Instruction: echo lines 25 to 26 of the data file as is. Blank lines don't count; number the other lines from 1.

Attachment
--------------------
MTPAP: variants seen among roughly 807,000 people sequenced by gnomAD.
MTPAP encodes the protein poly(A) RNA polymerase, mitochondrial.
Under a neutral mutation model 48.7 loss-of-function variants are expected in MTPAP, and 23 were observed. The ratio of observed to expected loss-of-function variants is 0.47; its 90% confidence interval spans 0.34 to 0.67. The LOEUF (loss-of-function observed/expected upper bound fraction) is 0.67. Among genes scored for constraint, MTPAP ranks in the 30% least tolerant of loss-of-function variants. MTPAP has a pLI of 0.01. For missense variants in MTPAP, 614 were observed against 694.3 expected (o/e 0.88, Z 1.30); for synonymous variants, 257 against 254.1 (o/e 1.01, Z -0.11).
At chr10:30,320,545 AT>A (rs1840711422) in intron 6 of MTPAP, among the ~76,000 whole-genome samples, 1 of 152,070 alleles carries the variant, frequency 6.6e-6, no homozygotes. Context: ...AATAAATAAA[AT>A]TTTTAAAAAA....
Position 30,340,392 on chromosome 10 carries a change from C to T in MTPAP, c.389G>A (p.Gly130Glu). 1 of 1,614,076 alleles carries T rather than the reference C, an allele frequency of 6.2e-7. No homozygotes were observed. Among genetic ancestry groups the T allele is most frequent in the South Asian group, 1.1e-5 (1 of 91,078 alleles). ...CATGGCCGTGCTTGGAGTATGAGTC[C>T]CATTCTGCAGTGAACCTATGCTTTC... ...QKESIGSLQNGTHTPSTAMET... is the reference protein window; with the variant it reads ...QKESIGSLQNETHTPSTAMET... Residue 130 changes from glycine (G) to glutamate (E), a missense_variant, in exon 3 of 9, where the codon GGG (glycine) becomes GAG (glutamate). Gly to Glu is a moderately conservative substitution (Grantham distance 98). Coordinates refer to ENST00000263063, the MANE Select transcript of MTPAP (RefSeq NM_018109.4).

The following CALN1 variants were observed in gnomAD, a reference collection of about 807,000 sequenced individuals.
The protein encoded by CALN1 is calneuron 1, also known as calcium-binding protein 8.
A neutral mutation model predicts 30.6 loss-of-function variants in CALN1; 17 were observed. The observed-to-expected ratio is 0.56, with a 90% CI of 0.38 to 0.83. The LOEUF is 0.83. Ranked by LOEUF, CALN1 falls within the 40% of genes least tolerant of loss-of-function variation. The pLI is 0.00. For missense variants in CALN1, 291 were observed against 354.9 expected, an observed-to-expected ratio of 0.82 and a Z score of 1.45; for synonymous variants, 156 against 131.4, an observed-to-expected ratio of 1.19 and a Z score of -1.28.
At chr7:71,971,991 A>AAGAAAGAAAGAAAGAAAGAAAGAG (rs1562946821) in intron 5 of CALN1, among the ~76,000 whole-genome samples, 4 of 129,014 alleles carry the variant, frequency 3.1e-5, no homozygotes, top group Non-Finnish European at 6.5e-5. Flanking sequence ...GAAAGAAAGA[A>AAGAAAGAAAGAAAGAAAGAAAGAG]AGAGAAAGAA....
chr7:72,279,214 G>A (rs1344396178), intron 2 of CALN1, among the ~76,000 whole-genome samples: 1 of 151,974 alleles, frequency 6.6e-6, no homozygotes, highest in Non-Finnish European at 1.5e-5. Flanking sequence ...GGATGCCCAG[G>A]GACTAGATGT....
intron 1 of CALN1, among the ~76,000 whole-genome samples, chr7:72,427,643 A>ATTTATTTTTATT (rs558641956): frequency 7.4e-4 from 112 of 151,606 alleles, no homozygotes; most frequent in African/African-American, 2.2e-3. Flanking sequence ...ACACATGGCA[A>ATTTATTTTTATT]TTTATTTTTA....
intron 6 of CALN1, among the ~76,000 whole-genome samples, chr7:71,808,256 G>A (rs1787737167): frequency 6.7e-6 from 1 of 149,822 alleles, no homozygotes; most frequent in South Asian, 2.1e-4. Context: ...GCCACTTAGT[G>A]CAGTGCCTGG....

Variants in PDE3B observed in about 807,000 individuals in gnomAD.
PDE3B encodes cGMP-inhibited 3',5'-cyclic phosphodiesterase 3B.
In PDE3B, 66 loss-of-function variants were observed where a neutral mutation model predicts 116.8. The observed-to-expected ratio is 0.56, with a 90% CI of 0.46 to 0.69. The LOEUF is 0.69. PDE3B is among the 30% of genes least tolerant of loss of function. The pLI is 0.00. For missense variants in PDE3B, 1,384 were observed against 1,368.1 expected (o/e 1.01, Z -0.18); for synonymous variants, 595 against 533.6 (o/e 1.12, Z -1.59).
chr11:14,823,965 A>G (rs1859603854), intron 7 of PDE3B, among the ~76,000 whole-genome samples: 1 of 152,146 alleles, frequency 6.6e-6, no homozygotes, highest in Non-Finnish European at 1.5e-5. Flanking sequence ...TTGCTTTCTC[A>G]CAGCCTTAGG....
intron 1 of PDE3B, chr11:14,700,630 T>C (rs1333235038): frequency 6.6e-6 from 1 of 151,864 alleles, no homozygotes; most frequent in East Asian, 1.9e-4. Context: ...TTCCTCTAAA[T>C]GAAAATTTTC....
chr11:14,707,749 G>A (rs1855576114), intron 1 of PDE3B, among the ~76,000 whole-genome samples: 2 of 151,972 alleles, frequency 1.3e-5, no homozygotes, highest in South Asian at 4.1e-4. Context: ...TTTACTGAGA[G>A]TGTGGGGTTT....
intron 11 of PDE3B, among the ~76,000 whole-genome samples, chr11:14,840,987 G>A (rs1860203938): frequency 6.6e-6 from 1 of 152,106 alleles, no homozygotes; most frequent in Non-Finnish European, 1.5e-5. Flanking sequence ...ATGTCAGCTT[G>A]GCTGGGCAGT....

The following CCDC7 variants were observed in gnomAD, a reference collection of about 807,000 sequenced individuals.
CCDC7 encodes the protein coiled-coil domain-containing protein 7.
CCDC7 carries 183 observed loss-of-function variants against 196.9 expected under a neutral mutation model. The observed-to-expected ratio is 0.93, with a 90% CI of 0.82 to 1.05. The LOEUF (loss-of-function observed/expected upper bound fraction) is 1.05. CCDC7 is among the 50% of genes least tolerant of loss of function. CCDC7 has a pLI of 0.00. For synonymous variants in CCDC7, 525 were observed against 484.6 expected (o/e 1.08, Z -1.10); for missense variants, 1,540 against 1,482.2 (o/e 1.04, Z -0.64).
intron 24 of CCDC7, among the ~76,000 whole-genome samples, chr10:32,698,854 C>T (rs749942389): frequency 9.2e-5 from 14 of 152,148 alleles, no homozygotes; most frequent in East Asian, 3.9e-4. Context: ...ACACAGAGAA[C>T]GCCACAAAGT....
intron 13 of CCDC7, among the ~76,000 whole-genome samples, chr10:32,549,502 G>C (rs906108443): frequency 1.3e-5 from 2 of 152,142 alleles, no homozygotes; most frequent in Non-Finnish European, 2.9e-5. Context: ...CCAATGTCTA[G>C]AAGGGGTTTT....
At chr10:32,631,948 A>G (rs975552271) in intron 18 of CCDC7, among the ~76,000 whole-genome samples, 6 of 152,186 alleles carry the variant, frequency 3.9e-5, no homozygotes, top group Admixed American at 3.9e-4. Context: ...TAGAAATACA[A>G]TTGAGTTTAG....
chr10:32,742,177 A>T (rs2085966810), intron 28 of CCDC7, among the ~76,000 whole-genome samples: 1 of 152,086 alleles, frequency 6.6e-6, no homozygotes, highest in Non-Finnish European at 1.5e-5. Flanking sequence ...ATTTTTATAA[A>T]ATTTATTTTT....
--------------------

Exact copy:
At chr10:32,631,948 A>G (rs975552271) in intron 18 of CCDC7, among the ~76,000 whole-genome samples, 6 of 152,186 alleles carry the variant, frequency 3.9e-5, no homozygotes, top group Admixed American at 3.9e-4. Context: ...TAGAAATACA[A>G]TTGAGTTTAG....
chr10:32,742,177 A>T (rs2085966810), intron 28 of CCDC7, among the ~76,000 whole-genome samples: 1 of 152,086 alleles, frequency 6.6e-6, no homozygotes, highest in Non-Finnish European at 1.5e-5. Flanking sequence ...ATTTTTATAA[A>T]ATTTATTTTT....